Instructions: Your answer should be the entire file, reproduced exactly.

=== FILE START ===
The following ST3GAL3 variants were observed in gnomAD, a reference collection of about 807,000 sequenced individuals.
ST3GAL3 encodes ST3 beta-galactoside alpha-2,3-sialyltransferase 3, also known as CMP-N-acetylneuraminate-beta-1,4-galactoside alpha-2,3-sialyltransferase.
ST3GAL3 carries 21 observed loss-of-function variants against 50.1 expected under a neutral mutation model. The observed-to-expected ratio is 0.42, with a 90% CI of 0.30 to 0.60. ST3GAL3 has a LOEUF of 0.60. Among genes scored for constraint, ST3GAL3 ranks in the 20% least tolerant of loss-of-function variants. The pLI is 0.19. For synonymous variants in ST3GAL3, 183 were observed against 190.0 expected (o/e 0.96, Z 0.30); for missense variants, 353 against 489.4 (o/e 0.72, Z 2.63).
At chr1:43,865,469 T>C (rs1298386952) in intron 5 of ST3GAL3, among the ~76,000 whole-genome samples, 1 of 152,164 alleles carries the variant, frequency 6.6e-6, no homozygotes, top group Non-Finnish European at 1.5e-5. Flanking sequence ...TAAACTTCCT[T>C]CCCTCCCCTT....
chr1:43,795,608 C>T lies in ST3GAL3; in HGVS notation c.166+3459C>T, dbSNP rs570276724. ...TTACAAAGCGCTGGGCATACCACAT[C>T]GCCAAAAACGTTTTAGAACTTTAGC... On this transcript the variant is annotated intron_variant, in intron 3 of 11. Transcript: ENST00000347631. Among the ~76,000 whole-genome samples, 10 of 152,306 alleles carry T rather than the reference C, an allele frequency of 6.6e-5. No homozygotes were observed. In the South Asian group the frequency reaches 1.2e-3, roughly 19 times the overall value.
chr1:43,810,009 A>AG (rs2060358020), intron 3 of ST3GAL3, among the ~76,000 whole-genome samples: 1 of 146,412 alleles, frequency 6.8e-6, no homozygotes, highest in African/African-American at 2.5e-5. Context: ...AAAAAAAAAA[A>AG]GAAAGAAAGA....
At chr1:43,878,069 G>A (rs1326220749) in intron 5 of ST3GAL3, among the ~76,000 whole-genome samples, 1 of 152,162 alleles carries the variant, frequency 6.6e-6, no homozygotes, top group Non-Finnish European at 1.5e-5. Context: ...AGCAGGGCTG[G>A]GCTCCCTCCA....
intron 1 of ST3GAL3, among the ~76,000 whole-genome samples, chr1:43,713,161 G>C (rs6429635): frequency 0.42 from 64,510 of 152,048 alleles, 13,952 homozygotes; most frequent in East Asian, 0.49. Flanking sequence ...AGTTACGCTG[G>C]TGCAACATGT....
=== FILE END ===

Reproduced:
The following ST3GAL3 variants were observed in gnomAD, a reference collection of about 807,000 sequenced individuals.
ST3GAL3 encodes ST3 beta-galactoside alpha-2,3-sialyltransferase 3, also known as CMP-N-acetylneuraminate-beta-1,4-galactoside alpha-2,3-sialyltransferase.
ST3GAL3 carries 21 observed loss-of-function variants against 50.1 expected under a neutral mutation model. The observed-to-expected ratio is 0.42, with a 90% CI of 0.30 to 0.60. ST3GAL3 has a LOEUF of 0.60. Among genes scored for constraint, ST3GAL3 ranks in the 20% least tolerant of loss-of-function variants. The pLI is 0.19. For synonymous variants in ST3GAL3, 183 were observed against 190.0 expected (o/e 0.96, Z 0.30); for missense variants, 353 against 489.4 (o/e 0.72, Z 2.63).
At chr1:43,865,469 T>C (rs1298386952) in intron 5 of ST3GAL3, among the ~76,000 whole-genome samples, 1 of 152,164 alleles carries the variant, frequency 6.6e-6, no homozygotes, top group Non-Finnish European at 1.5e-5. Flanking sequence ...TAAACTTCCT[T>C]CCCTCCCCTT....
chr1:43,795,608 C>T lies in ST3GAL3; in HGVS notation c.166+3459C>T, dbSNP rs570276724. ...TTACAAAGCGCTGGGCATACCACAT[C>T]GCCAAAAACGTTTTAGAACTTTAGC... On this transcript the variant is annotated intron_variant, in intron 3 of 11. Transcript: ENST00000347631. Among the ~76,000 whole-genome samples, 10 of 152,306 alleles carry T rather than the reference C, an allele frequency of 6.6e-5. No homozygotes were observed. In the South Asian group the frequency reaches 1.2e-3, roughly 19 times the overall value.
chr1:43,810,009 A>AG (rs2060358020), intron 3 of ST3GAL3, among the ~76,000 whole-genome samples: 1 of 146,412 alleles, frequency 6.8e-6, no homozygotes, highest in African/African-American at 2.5e-5. Context: ...AAAAAAAAAA[A>AG]GAAAGAAAGA....
At chr1:43,878,069 G>A (rs1326220749) in intron 5 of ST3GAL3, among the ~76,000 whole-genome samples, 1 of 152,162 alleles carries the variant, frequency 6.6e-6, no homozygotes, top group Non-Finnish European at 1.5e-5. Context: ...AGCAGGGCTG[G>A]GCTCCCTCCA....
intron 1 of ST3GAL3, among the ~76,000 whole-genome samples, chr1:43,713,161 G>C (rs6429635): frequency 0.42 from 64,510 of 152,048 alleles, 13,952 homozygotes; most frequent in East Asian, 0.49. Flanking sequence ...AGTTACGCTG[G>C]TGCAACATGT....